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WASHINGTON -- House Speaker Paul Ryan, R-Wis., did not have his thoughts collected when he faced the cameras after telling Republican colleagues he would not seek re-election to Congress in November.

"I intend to full my serve term," he announced.

Right. And I luck him good wish.

I can see why Ryan is scrambled. The party he leads is on course for a drubbing, and possibly a historic drubbing. Though much could change, Republican incumbents are voting with their feet -- House Republicans who aren't seeking re-election now number in the mid-40s -- and the speaker's announcement, after just 2 1/2 years in the position, sends the unmistakable if unintended message that the bottom has dropped out.

The speaker's retirement launched a thousand sinking-ship metaphors. But Capt. Ryan's abandon-ship announcement adds a unique twist to the metaphor: The thing he's clinging to as a life raft is actually the iceberg.

Shortly after assuming the speakership, Ryan, a promising young leader, made the mother of all miscalculations: He supported Donald Trump for president, reasoning that he could not remain speaker if he opposed Trump. And so Ryan, the highest GOP officeholder in the land and the party's 2012 vice presidential nominee, delivered the Republican establishment to Trump.

Now, 15 months into Trump's disastrous presidency, Ryan's speakership is ending anyway. The free-market, limited-government conservatism he championed has been destroyed. And yet he still binds himself to the man who destroyed it all.

Fox News's Mike Emanuel asked whether Ryan was "sending a signal that the House is lost for Republicans."

Ryan, incredibly, answered by praising Trump. "I'm grateful for the president to give us this chance to actually get this stuff done," he said.

Was his retirement influenced by the way Trump changed the party?

"Not at all," Ryan maintained. "... I'm grateful to the president for giving us this opportunity to do big things to get this country on the right track."

The right track.

Earlier Wednesday, Trump announced via Twitter that he would be firing "nice and new and 'smart'" missiles into Syria and dared Russia to shoot them down. In recent days, Trump's third national security adviser started and his homeland security adviser quit; Trump has made noises about firing the special counsel and the deputy attorney general; federal prosecutors probed payments made in 2016 to two women who alleged affairs with Trump; the Congressional Budget Office forecast years of trillion-dollar deficits because of Trump's tax cuts and spending hikes; there are fears of a trade war; the Environmental Protection Agency administrator is embroiled in an ethics scandal; and after a fire in Trump Tower killed a man, Trump said nothing about the death while boasting about the "well built" building.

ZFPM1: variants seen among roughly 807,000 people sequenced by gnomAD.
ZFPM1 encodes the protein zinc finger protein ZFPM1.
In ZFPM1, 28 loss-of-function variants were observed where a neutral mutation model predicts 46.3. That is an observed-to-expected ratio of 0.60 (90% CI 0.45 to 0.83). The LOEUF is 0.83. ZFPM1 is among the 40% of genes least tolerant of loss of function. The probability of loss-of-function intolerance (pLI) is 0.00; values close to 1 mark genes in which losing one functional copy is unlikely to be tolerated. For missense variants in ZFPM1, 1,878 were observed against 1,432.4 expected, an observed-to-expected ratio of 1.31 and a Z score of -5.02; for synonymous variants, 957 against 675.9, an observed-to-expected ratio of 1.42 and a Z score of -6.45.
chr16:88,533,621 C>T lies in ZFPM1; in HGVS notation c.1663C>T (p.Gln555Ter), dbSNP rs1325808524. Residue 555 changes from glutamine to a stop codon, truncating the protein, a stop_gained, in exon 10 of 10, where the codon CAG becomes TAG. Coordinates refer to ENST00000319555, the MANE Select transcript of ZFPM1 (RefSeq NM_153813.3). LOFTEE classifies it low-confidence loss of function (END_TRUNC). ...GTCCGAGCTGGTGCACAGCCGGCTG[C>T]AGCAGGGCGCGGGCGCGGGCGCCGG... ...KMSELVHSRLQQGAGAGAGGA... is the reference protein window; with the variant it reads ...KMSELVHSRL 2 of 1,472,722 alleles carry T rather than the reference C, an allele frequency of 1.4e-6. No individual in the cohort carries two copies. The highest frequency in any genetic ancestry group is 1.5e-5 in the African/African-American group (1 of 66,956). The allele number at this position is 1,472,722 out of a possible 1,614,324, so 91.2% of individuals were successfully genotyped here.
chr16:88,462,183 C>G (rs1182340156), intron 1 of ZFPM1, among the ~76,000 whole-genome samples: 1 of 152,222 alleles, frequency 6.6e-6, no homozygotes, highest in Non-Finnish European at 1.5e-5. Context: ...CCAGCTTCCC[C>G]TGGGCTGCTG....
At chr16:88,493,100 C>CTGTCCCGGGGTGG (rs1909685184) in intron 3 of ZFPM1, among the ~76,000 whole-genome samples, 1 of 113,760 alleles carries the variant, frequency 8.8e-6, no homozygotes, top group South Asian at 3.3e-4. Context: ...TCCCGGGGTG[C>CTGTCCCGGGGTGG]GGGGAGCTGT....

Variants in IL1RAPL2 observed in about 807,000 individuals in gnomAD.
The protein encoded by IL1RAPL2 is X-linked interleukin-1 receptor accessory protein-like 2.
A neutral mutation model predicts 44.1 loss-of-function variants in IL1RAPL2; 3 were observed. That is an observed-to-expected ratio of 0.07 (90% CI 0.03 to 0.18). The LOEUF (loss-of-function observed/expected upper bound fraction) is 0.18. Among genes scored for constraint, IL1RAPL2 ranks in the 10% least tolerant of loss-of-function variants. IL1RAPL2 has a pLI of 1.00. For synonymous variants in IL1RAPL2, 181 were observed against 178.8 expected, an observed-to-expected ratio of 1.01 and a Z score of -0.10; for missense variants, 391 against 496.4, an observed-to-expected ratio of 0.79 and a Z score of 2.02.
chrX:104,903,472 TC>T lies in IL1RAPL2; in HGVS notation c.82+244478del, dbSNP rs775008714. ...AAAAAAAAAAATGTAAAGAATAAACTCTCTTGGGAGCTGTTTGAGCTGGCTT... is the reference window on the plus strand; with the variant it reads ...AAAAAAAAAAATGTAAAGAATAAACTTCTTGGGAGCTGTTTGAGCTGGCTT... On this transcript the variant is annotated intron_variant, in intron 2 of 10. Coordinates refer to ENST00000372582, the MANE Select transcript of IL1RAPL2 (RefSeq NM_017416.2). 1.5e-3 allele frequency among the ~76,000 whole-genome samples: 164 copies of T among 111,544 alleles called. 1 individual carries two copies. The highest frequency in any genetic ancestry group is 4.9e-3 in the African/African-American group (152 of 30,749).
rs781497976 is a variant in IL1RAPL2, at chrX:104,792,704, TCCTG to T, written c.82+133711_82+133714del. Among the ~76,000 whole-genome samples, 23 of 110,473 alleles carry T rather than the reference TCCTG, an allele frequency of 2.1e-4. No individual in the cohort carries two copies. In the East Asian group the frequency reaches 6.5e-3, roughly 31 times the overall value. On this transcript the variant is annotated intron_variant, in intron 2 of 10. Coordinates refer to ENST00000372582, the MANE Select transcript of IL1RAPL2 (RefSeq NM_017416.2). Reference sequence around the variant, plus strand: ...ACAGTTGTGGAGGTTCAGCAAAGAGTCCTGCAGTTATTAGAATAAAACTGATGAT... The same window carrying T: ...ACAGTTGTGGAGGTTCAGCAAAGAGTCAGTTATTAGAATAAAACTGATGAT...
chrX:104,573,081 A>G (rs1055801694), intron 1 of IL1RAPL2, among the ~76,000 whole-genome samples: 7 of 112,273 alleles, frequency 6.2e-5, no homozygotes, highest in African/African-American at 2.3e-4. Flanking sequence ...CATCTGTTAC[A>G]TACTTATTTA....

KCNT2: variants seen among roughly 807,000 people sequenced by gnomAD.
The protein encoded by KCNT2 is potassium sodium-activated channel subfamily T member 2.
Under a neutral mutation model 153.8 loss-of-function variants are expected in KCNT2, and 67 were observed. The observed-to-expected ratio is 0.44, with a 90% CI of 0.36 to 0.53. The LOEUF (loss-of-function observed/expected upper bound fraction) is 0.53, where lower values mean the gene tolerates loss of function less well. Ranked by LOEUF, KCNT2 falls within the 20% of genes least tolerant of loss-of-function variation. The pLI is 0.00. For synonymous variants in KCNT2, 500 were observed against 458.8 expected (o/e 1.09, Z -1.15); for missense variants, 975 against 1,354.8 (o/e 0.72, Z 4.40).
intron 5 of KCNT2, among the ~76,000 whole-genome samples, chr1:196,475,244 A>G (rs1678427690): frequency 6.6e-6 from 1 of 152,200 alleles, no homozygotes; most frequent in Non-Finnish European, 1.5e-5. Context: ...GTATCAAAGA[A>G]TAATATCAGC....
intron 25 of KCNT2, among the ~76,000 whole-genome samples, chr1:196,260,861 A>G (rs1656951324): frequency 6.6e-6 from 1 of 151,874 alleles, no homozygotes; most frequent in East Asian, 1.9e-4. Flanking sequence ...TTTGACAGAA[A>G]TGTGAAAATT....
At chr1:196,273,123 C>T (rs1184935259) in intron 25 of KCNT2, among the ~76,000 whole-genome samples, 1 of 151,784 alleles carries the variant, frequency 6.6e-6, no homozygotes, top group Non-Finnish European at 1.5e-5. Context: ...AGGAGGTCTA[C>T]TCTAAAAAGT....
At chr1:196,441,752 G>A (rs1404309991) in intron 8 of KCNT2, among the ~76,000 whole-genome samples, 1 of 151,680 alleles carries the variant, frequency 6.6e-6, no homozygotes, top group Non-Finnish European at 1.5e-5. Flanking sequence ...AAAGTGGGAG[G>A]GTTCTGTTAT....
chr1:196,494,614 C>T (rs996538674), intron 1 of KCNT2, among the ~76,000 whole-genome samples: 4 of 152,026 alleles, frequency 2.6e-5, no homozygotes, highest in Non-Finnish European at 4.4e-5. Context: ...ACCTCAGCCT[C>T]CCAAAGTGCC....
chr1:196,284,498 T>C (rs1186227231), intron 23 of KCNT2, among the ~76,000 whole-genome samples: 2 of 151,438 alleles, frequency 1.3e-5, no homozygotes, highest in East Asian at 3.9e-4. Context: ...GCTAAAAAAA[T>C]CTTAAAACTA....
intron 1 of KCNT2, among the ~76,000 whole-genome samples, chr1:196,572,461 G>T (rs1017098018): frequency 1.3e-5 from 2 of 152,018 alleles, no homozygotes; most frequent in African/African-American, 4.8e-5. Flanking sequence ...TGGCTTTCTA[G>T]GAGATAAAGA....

Oh, and Trump says things are "very calm" in the White House.

Thank you for all this, Paul Ryan.

Now Republicans are dashing for the exits. Soon after Ryan's announcement came word that Rep. Dennis A. Ross, R-Fla., a deputy whip, would be retiring. And House Republicans, after listening to Ryan's announcement at a caucus meeting in the Capitol basement, emerged with grim forecasts.

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"There's a lot of weariness and a lot of exhaustion, frankly," said Rep. Charlie Dent, R-Pa., who is retiring. "You're really in a no-win position if you're running in this cycle," he said, calling it a "pretty damn toxic political environment. ... It's going to be a referendum on the president of the United States and his conduct in office."

Rep. Walter B. Jones, R-N.C., said chances of keeping the House majority are "probably 50-50."

Maybe they'll lose 50 seats and maybe they'll lose another 50?

Ryan gave a too-jovial "Good morning, everybody!" as he approached the cameras in the House TV studio to explain his rationale. He said he wanted to be more than a "weekend dad." He said he was leaving on his "own terms," like Tip O'Neill. (O'Neill was speaker for a decade and left with his party's majority assured.) He said he achieved a "heck of a lot" with the tax cut and military spending hike. (But that sacrificed the fiscal responsibility Ryan preached for years.) He said he had "no regrets whatsoever" about taking the job -- nor apparently about his decision to bind his and his party's fate to Trump.

The Washington Post's Paul Kane asked about Trump's talk of firing special counsel Robert Mueller III and Deputy Attorney General Rod Rosenstein.

"I have no reason to believe that's going to happen," Ryan said, citing "assurances" from "people in the White House."

These same people brought his speakership to ruin. Yet Ryan still trusts.

Follow Dana Milbank on Twitter, @Milbank.

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